UBS has reported its financial results for the full year of 2018, revealing a slight uptick in operating profit for the multinational financial services and investment banking firm.
Taking a look at the results, the Swiss bank managed to achieve an operating income of $30.2 billion. When measured against the previous year, which reported an operating income of $29.6 billion, this is up by around 2 percent.
Operating expenses in 2018 actually fell on a year-on-year comparison; however, the decline was marginal. Specifically, it fell from the $24.3 billion reported in 2017 by 0.2 percent to reach $24.2 billion last year.
For the whole of 2018, UBS’ investment bank achieved a total operating income of $8.15 billion. This is higher by 5 percent when compared against 2017, which had an operating income of $7.79 billion.
During the year, the sector managed to reduce its operating expenses ever-so-slightly, lowering the costs by 0.4 percent from $6.53 billion in 2017 to $6.5 billion in 2018.
Affiliate Marketing and the Online Brokerage BusinessGo to article >>
Moving on to the Investor Client Services section of the investment bank, foreign exchange (forex), rates and credits generated an income of $1.63 billion. This represents an uptick of 16 percent when compared with the previous year.
Equities were also up on an annual comparison, climbing from $3.6 billion in 2017 to $3.9 billion in 2018. As a percentage, this represents a growth of 9 percent.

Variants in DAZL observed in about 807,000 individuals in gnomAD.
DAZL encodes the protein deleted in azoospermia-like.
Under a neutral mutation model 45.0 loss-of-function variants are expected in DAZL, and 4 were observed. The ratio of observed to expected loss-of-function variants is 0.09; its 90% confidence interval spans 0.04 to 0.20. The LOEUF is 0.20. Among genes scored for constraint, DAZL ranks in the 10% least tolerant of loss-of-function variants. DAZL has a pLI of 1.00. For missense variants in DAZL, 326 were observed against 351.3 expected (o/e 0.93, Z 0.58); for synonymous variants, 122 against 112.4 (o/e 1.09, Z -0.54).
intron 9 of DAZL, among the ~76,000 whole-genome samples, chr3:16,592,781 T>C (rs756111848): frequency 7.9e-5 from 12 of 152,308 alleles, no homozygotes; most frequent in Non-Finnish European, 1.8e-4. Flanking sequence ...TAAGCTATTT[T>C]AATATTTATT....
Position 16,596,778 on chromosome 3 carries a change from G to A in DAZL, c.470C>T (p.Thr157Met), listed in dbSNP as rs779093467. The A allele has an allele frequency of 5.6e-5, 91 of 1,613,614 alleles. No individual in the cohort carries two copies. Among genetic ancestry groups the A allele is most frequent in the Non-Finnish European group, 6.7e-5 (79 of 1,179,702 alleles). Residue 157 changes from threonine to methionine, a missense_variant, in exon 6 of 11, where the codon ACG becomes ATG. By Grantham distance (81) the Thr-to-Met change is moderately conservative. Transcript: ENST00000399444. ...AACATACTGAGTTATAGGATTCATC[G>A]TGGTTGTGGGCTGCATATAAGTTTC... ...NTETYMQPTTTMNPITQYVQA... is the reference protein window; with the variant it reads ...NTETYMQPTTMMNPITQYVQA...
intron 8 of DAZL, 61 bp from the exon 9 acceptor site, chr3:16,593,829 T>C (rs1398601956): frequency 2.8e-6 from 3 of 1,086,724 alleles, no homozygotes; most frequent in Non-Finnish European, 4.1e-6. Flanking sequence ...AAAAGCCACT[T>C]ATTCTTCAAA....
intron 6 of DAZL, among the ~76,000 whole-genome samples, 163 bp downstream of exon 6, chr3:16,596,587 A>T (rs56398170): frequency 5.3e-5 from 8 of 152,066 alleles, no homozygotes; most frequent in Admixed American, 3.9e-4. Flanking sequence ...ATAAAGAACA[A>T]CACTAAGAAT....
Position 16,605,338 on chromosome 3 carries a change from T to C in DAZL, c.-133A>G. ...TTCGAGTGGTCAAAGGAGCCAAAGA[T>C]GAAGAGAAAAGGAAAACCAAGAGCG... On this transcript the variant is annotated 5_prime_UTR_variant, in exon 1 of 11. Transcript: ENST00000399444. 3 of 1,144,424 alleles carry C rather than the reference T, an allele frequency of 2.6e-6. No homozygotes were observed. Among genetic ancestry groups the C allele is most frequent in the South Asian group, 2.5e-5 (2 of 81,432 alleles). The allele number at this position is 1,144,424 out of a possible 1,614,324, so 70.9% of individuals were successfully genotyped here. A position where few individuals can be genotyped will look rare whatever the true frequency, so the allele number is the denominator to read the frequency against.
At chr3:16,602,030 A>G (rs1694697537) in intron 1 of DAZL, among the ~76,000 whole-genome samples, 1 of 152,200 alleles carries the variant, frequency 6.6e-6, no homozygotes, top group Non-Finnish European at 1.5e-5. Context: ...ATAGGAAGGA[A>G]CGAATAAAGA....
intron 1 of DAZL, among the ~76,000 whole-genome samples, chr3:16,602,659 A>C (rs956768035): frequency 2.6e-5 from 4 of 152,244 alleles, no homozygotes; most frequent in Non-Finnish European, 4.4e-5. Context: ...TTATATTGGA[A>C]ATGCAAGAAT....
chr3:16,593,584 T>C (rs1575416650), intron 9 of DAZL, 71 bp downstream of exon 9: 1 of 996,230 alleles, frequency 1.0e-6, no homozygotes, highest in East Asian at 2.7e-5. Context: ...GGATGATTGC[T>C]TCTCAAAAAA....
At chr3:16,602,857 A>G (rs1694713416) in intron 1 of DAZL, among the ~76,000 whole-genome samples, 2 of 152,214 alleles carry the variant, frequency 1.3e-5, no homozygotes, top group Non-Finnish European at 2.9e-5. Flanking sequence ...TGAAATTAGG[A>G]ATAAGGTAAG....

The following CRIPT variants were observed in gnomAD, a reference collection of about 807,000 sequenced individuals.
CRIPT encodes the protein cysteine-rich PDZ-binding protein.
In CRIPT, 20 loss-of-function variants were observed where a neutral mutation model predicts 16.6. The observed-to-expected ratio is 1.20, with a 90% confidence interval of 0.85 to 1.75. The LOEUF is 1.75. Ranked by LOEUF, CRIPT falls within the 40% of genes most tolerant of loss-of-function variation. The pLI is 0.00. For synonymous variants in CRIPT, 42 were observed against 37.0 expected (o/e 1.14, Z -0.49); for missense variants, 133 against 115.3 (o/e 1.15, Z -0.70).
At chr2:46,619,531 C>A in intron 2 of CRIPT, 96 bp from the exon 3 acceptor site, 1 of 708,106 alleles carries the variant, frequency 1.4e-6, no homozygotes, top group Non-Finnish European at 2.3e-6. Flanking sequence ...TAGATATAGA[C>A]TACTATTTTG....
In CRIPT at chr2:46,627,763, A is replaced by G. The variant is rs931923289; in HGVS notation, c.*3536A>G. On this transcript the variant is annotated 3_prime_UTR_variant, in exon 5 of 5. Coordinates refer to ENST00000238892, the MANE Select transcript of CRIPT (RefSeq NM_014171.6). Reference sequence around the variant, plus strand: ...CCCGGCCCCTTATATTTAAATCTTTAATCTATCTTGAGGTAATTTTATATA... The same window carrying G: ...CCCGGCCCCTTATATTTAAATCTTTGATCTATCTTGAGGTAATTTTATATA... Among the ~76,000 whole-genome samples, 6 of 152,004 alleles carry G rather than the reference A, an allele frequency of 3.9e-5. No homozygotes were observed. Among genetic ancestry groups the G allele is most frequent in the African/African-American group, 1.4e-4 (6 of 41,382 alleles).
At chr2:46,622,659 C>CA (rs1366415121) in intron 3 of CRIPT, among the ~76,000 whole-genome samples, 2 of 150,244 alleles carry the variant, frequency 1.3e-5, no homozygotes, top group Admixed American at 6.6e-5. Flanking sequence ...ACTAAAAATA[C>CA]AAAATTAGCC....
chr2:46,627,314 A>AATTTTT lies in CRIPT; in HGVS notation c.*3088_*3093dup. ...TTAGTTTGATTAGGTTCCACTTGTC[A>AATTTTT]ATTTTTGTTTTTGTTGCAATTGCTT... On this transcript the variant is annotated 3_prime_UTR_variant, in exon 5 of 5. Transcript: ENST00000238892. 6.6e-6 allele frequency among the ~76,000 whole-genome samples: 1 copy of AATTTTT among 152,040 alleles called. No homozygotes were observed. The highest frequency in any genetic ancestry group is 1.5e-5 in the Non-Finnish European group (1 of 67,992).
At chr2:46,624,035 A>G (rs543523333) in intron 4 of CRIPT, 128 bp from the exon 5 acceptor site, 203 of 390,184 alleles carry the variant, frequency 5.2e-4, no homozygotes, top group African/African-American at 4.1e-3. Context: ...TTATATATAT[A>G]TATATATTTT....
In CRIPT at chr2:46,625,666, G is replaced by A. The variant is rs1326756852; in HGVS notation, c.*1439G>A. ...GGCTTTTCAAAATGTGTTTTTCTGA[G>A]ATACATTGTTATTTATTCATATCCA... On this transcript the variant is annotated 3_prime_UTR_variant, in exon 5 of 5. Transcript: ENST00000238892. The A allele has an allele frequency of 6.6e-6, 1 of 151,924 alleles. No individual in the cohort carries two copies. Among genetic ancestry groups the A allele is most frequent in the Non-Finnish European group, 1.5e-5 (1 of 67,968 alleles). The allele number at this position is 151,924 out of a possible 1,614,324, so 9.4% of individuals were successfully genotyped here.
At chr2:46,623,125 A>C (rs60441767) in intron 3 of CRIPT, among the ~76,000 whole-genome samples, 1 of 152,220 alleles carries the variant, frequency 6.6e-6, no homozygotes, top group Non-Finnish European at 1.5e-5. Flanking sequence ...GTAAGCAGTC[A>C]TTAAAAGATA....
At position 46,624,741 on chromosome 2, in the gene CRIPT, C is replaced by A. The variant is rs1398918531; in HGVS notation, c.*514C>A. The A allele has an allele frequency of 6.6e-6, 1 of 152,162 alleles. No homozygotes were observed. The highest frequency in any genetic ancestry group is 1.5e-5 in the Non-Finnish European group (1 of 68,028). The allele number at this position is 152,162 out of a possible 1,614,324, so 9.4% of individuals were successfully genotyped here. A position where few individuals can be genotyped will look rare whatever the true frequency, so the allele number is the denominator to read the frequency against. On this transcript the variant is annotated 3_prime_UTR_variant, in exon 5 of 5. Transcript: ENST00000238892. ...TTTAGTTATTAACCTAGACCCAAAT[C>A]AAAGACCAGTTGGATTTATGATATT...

A Number of Financial Regulators fine UBS
The overall positive results for 2018 announced today, come just one day after the Securities and Futures Commission (SFC) announced that it had fined the Swiss bank HKD 375 million ($47.8 million).
As Finance Magnates reported, the Hong Kong regulator said that UBS’ local subsidiaries failed to “discharge their obligations” with regard to the initial public offerings of three companies – China Forestry Holdings, the Tianhe Chemicals Group, and one unnamed firm.
Towards the end of February, UBS was fined again, this time by French Authorities, for tax fraud. A court in Paris found that the firm had helped French citizens evade tax, totaling billions of euros, from 2004 to 2012.
Alongside the fine, which amounted to €3.7 billion ($4.2 billion), the investment bank will also have to pay €800 million in “damages” to the French state.